Amazon.com's (NASDAQ:AMZN) Prime Music isn't better than any of the services it purports to compete with. Heck, you could even argue it's much worse than what Spotify, Beats Music, and Pandora (NYSE:P) offer. Even so, I expect Prime Music to be a catalyst for Amazon stock because it gives the e-tailer's most valuable members yet another reason to hang around the store.
Why "good enough" is so great
First, let's address why Amazon built such a weak alternative. The short answer is because it could. Even a simple, ad-free service such as Prime Music serves as a reminder that Spotify and Pandora insist on filling your ears with pitches you'd rather mute.
Money is also a factor. Amazon would have to invest millions (or perhaps tens of millions) to compete with the catalogs available at Spotify and Beats Music. There's also quality to consider. Upgrading Prime Music to stream at the audiophile-preferred rate of 320 kbps would consume resources that might otherwise go to service-profitable Amazon Web Services clients.
Every incremental service increases the odds of a transaction
The goal here isn't to build the best product or even disrupt the industry. Amazon merely wants to grow its base of Prime members because they shop more. But don't take my word for it. Here's Amazon Vice President of Digital Music Steve Boom, in an interview with VentureBeat late last week:
The goal we have when adding new services to Prime [membership] comes down to two things. We want existing Prime members to have deeper and longer relationships with Amazon. But we also try to look at services that have universal appeal and are used frequently if not daily. And music is an obvious service that fits into that description.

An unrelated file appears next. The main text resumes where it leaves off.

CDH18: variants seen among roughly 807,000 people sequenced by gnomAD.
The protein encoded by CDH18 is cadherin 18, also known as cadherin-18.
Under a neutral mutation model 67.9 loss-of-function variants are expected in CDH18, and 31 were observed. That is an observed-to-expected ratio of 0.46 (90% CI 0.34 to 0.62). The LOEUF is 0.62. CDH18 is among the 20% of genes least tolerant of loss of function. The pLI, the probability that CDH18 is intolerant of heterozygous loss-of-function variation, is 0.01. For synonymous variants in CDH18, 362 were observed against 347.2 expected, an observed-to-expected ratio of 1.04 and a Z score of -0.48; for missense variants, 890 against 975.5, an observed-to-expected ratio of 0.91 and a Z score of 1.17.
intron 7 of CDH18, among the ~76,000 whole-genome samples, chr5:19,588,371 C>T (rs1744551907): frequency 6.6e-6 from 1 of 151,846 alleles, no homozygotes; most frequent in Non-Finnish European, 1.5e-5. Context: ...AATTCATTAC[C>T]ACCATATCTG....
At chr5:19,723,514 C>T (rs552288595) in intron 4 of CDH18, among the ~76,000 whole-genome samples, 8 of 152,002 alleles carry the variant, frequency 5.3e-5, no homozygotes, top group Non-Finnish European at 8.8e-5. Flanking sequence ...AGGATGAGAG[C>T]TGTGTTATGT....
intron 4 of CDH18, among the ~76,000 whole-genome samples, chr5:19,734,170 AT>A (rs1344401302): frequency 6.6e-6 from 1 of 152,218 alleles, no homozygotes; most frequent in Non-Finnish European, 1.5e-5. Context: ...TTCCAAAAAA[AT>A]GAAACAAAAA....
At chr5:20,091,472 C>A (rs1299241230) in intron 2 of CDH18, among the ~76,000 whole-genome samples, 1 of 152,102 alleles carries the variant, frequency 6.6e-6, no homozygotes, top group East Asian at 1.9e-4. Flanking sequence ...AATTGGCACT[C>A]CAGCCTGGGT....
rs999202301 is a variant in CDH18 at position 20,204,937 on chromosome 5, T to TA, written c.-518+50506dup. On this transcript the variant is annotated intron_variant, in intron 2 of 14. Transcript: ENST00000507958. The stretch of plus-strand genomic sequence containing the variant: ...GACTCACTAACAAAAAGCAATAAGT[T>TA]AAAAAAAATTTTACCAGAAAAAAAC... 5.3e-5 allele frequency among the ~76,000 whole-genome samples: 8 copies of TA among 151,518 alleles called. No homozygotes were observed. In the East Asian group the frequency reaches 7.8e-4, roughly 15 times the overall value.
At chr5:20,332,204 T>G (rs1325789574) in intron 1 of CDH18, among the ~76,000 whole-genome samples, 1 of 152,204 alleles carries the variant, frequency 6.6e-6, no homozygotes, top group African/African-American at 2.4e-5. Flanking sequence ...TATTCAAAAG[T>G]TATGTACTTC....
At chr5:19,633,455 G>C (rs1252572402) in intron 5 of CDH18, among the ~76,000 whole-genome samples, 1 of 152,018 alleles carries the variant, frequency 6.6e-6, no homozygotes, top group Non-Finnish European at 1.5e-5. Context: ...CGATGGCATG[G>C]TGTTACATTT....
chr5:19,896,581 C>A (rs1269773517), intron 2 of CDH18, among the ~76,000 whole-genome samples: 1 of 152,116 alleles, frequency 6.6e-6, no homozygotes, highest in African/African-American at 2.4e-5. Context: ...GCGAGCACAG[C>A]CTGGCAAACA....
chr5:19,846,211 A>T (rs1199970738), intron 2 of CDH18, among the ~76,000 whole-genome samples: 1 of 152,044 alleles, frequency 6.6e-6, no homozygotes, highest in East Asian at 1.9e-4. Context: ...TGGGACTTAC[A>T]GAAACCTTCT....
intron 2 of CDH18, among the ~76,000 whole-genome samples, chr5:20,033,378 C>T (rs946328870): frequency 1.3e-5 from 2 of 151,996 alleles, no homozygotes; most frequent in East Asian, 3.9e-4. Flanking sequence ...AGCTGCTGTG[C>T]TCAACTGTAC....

Just as Apple (NASDAQ:AAPL) is buying Beats Electronics to help sell the iPhone, Amazon is offering Prime Music to help sell everything else in its store to its most qualified customers. So don't think of Prime Music as a Spotify killer. Nor is it a threat to Pandora or Beats. Amazon isn't after audiophiles, but rather everyday, casual listeners. Millions of us who haven't yet signed up for Prime but who would do so given the right incentive. Prime Music just made their decision easier, and Amazon stock owners should see the benefits.
Tim Beyers is a member of the Motley Fool Rule Breakers stock-picking team and the Motley Fool Supernova Odyssey I mission. He owned shares of Apple at the time of publication. Check out Tim's web home and portfolio holdings or connect with him on Google+, Tumblr, or Twitter, where he goes by @milehighfool.
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